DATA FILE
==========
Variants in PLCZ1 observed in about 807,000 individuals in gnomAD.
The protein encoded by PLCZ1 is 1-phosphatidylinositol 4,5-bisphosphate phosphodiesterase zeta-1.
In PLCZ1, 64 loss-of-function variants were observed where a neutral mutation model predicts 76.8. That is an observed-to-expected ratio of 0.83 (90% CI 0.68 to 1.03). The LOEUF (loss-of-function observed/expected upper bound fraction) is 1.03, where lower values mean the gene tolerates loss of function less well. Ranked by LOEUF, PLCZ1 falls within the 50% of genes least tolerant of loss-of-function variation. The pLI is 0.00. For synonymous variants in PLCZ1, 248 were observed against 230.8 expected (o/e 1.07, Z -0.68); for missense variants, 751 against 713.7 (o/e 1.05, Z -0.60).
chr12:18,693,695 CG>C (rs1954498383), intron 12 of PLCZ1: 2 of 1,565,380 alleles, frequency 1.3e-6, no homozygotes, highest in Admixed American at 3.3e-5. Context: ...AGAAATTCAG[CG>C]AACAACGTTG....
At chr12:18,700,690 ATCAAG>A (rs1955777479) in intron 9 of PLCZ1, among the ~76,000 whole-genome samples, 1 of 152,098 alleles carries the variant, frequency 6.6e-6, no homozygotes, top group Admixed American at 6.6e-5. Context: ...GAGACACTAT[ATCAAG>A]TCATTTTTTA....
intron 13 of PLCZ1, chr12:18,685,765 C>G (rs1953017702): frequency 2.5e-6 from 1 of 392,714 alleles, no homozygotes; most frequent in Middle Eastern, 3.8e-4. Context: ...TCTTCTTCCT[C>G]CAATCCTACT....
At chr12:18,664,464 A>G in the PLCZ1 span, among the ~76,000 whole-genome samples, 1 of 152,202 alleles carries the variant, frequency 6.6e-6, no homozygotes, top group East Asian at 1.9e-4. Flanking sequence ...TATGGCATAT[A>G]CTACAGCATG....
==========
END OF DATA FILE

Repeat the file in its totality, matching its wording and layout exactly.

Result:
Variants in PLCZ1 observed in about 807,000 individuals in gnomAD.
The protein encoded by PLCZ1 is 1-phosphatidylinositol 4,5-bisphosphate phosphodiesterase zeta-1.
In PLCZ1, 64 loss-of-function variants were observed where a neutral mutation model predicts 76.8. That is an observed-to-expected ratio of 0.83 (90% CI 0.68 to 1.03). The LOEUF (loss-of-function observed/expected upper bound fraction) is 1.03, where lower values mean the gene tolerates loss of function less well. Ranked by LOEUF, PLCZ1 falls within the 50% of genes least tolerant of loss-of-function variation. The pLI is 0.00. For synonymous variants in PLCZ1, 248 were observed against 230.8 expected (o/e 1.07, Z -0.68); for missense variants, 751 against 713.7 (o/e 1.05, Z -0.60).
chr12:18,693,695 CG>C (rs1954498383), intron 12 of PLCZ1: 2 of 1,565,380 alleles, frequency 1.3e-6, no homozygotes, highest in Admixed American at 3.3e-5. Context: ...AGAAATTCAG[CG>C]AACAACGTTG....
At chr12:18,700,690 ATCAAG>A (rs1955777479) in intron 9 of PLCZ1, among the ~76,000 whole-genome samples, 1 of 152,098 alleles carries the variant, frequency 6.6e-6, no homozygotes, top group Admixed American at 6.6e-5. Context: ...GAGACACTAT[ATCAAG>A]TCATTTTTTA....
intron 13 of PLCZ1, chr12:18,685,765 C>G (rs1953017702): frequency 2.5e-6 from 1 of 392,714 alleles, no homozygotes; most frequent in Middle Eastern, 3.8e-4. Context: ...TCTTCTTCCT[C>G]CAATCCTACT....
At chr12:18,664,464 A>G in the PLCZ1 span, among the ~76,000 whole-genome samples, 1 of 152,202 alleles carries the variant, frequency 6.6e-6, no homozygotes, top group East Asian at 1.9e-4. Flanking sequence ...TATGGCATAT[A>G]CTACAGCATG....